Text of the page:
Hyperlocal Isn’t Confined To These Webs

Adventurous publishers have been turning blogs into books for a couple of years now. Here comes a guy with a twist on that idea. Joshua Karp, will begin publishing hyperlocal blogs in jolly old newsprint. His enterprise, The Printed Blog, launches in Chicago and San Francisco next week.
According to The New York Times:

As pay newspapers lose readers to the Internet, where they can read the same articles without charge, many free papers have held their own.
“The free newspaper business model is still very workable,” said David Cohen, a founder of Silicon Valley Community Newspapers, a group of free weeklies south of San Francisco that was sold to Knight Ridder in 2005 and is now owned by MediaNews. “There’s a huge readership that wants the local news, and local businesses tend to increase their advertising in bad times because they have to capture people’s attention.”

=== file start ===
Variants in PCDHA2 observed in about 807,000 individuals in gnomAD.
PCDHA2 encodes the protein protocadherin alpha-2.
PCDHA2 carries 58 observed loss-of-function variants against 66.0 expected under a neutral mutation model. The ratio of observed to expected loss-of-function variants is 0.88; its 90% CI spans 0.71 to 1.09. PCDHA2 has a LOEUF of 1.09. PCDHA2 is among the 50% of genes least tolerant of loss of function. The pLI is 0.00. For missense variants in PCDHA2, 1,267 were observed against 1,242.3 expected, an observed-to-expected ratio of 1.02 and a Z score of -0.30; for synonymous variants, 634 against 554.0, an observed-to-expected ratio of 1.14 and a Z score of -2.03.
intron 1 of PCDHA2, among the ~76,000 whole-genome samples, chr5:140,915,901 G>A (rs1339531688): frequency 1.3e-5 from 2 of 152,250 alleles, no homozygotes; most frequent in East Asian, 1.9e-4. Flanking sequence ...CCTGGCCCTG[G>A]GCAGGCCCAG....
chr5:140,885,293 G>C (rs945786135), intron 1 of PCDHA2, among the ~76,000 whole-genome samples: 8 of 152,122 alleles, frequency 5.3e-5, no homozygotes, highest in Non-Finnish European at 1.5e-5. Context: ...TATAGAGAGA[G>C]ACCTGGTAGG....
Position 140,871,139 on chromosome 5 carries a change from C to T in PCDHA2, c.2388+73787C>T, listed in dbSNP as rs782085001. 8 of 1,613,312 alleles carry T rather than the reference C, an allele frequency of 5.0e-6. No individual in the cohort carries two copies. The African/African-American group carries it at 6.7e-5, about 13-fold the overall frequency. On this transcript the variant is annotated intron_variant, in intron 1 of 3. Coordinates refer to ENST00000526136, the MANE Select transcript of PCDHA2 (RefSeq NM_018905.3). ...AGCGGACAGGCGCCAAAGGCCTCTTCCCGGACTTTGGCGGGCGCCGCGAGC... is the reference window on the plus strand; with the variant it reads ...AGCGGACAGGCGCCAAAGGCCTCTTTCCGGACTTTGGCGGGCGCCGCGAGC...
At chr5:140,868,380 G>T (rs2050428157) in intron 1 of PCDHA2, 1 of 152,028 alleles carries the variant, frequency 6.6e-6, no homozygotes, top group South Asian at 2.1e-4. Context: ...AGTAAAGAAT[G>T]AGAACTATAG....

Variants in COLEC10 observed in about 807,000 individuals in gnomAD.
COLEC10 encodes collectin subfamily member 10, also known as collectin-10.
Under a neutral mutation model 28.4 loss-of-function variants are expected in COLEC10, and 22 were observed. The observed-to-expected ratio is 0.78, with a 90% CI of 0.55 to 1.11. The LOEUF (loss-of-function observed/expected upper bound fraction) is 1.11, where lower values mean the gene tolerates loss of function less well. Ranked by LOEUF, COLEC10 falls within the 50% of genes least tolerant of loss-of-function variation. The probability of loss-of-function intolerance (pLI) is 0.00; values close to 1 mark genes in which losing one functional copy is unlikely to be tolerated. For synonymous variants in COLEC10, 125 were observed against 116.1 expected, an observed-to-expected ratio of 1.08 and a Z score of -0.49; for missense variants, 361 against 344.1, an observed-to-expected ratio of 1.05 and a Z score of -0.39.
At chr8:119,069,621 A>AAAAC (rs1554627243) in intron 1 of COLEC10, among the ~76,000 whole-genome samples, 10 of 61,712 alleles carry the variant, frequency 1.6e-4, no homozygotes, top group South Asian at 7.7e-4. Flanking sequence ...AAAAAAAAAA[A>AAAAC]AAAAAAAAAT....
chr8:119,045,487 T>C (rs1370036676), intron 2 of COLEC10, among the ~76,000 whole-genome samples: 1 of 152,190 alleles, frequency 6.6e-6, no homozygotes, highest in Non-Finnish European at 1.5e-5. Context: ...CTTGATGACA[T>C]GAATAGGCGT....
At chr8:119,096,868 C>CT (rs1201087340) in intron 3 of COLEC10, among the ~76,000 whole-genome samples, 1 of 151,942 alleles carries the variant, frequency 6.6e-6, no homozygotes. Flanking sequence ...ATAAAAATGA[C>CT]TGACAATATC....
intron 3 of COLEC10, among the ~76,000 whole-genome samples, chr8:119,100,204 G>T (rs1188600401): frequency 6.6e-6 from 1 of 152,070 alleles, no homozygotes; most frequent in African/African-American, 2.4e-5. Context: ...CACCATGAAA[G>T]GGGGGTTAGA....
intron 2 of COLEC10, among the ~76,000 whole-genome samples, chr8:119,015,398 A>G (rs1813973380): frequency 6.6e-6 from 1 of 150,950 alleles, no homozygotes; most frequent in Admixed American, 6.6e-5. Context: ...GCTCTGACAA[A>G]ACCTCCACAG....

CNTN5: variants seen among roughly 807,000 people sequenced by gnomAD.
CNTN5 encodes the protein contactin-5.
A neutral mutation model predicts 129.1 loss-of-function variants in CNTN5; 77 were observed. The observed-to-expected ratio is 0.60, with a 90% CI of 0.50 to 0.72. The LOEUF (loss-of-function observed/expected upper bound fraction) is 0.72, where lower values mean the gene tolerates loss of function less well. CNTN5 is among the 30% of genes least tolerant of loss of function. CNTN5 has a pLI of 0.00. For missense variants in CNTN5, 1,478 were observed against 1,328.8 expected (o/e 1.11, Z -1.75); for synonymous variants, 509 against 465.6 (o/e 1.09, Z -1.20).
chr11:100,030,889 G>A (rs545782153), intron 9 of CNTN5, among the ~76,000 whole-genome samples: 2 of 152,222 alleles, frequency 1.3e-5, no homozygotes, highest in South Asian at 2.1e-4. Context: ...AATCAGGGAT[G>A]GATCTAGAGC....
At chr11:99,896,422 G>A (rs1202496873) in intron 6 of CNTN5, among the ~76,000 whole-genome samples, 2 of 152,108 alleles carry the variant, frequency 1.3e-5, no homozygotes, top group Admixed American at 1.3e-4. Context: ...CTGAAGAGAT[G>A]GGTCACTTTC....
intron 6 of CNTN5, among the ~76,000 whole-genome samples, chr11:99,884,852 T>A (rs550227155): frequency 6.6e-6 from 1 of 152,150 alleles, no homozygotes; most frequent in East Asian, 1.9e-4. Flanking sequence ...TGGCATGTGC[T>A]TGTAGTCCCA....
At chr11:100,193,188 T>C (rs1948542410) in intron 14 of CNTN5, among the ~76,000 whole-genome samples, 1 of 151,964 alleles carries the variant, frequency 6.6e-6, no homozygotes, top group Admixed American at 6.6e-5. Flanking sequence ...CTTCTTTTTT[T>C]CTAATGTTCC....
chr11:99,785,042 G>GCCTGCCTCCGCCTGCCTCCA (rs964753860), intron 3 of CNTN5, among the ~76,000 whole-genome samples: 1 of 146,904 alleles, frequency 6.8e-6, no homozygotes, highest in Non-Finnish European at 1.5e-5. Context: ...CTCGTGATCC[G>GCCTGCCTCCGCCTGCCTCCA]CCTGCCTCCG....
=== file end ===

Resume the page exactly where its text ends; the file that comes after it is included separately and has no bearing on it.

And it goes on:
The Printed Blog already has 300 blogs signed up to contribute content for free. Left wing political blog, The Daily Kos will be one contributor.
To pay for the paper, ink and old school distribution, Mr. Karp aims to sell 200 ads an issue. The Printed Blog will charge $5 to $10 for classifieds and $15 to $25 for business ads that reach 1,000 readers.
About 15 advertisers have signed on for the first issue, including Flowerpetal.com, a florist in Chicago. “The great thing about it is you can change your pitch based on different neighborhoods,” said Brian Crummy, Flowerpetal.com’s founder.



About David Burn

I wrote my first ad for a political candidate when I was 17 years old. She won her race and I felt the seductive power of advertising for the first time. Today—after working for seven agencies in five states—I am head of brand strategy and creative at Bonehook in Portland, Oregon.